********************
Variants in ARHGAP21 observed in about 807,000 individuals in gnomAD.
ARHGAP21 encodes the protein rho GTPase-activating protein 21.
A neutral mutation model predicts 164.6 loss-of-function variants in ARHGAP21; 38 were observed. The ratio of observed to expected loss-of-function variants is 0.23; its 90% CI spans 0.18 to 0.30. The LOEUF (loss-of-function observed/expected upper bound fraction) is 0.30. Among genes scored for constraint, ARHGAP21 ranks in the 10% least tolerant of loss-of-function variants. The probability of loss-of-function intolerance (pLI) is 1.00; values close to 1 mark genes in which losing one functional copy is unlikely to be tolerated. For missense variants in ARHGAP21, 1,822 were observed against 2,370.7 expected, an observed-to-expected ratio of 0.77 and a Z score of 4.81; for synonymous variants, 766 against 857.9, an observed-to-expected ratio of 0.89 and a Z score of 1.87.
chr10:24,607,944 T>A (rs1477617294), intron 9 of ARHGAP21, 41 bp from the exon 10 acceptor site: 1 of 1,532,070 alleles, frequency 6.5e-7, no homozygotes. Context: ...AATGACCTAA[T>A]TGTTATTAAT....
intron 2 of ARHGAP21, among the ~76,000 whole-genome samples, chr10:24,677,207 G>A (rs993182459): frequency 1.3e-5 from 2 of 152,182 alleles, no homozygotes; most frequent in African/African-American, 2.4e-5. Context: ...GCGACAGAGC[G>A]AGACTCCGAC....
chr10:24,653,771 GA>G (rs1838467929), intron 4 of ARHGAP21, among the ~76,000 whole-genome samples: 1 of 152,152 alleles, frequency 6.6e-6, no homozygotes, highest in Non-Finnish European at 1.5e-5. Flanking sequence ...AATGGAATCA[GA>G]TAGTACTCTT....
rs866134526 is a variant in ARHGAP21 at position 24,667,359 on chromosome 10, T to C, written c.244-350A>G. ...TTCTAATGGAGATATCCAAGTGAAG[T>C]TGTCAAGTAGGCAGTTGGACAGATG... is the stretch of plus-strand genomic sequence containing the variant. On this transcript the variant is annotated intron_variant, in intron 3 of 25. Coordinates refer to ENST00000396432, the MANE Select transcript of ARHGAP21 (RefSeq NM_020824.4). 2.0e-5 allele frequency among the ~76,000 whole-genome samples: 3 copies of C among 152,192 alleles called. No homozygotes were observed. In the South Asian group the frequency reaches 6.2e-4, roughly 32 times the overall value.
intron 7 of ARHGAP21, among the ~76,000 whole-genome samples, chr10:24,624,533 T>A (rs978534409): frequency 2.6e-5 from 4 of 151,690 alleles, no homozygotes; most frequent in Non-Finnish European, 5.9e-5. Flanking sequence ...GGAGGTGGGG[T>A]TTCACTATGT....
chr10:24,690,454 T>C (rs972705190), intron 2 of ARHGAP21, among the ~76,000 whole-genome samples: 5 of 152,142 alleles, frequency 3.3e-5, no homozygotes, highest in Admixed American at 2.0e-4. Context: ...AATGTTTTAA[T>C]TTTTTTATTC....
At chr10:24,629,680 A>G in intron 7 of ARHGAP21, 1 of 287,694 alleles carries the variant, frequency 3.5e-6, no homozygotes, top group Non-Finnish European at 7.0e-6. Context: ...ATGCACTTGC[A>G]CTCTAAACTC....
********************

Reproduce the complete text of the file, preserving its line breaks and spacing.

Variants in ARHGAP21 observed in about 807,000 individuals in gnomAD.
ARHGAP21 encodes the protein rho GTPase-activating protein 21.
A neutral mutation model predicts 164.6 loss-of-function variants in ARHGAP21; 38 were observed. The ratio of observed to expected loss-of-function variants is 0.23; its 90% CI spans 0.18 to 0.30. The LOEUF (loss-of-function observed/expected upper bound fraction) is 0.30. Among genes scored for constraint, ARHGAP21 ranks in the 10% least tolerant of loss-of-function variants. The probability of loss-of-function intolerance (pLI) is 1.00; values close to 1 mark genes in which losing one functional copy is unlikely to be tolerated. For missense variants in ARHGAP21, 1,822 were observed against 2,370.7 expected, an observed-to-expected ratio of 0.77 and a Z score of 4.81; for synonymous variants, 766 against 857.9, an observed-to-expected ratio of 0.89 and a Z score of 1.87.
chr10:24,607,944 T>A (rs1477617294), intron 9 of ARHGAP21, 41 bp from the exon 10 acceptor site: 1 of 1,532,070 alleles, frequency 6.5e-7, no homozygotes. Context: ...AATGACCTAA[T>A]TGTTATTAAT....
intron 2 of ARHGAP21, among the ~76,000 whole-genome samples, chr10:24,677,207 G>A (rs993182459): frequency 1.3e-5 from 2 of 152,182 alleles, no homozygotes; most frequent in African/African-American, 2.4e-5. Context: ...GCGACAGAGC[G>A]AGACTCCGAC....
chr10:24,653,771 GA>G (rs1838467929), intron 4 of ARHGAP21, among the ~76,000 whole-genome samples: 1 of 152,152 alleles, frequency 6.6e-6, no homozygotes, highest in Non-Finnish European at 1.5e-5. Flanking sequence ...AATGGAATCA[GA>G]TAGTACTCTT....
rs866134526 is a variant in ARHGAP21 at position 24,667,359 on chromosome 10, T to C, written c.244-350A>G. ...TTCTAATGGAGATATCCAAGTGAAG[T>C]TGTCAAGTAGGCAGTTGGACAGATG... is the stretch of plus-strand genomic sequence containing the variant. On this transcript the variant is annotated intron_variant, in intron 3 of 25. Coordinates refer to ENST00000396432, the MANE Select transcript of ARHGAP21 (RefSeq NM_020824.4). 2.0e-5 allele frequency among the ~76,000 whole-genome samples: 3 copies of C among 152,192 alleles called. No homozygotes were observed. In the South Asian group the frequency reaches 6.2e-4, roughly 32 times the overall value.
intron 7 of ARHGAP21, among the ~76,000 whole-genome samples, chr10:24,624,533 T>A (rs978534409): frequency 2.6e-5 from 4 of 151,690 alleles, no homozygotes; most frequent in Non-Finnish European, 5.9e-5. Flanking sequence ...GGAGGTGGGG[T>A]TTCACTATGT....
chr10:24,690,454 T>C (rs972705190), intron 2 of ARHGAP21, among the ~76,000 whole-genome samples: 5 of 152,142 alleles, frequency 3.3e-5, no homozygotes, highest in Admixed American at 2.0e-4. Context: ...AATGTTTTAA[T>C]TTTTTTATTC....
At chr10:24,629,680 A>G in intron 7 of ARHGAP21, 1 of 287,694 alleles carries the variant, frequency 3.5e-6, no homozygotes, top group Non-Finnish European at 7.0e-6. Context: ...ATGCACTTGC[A>G]CTCTAAACTC....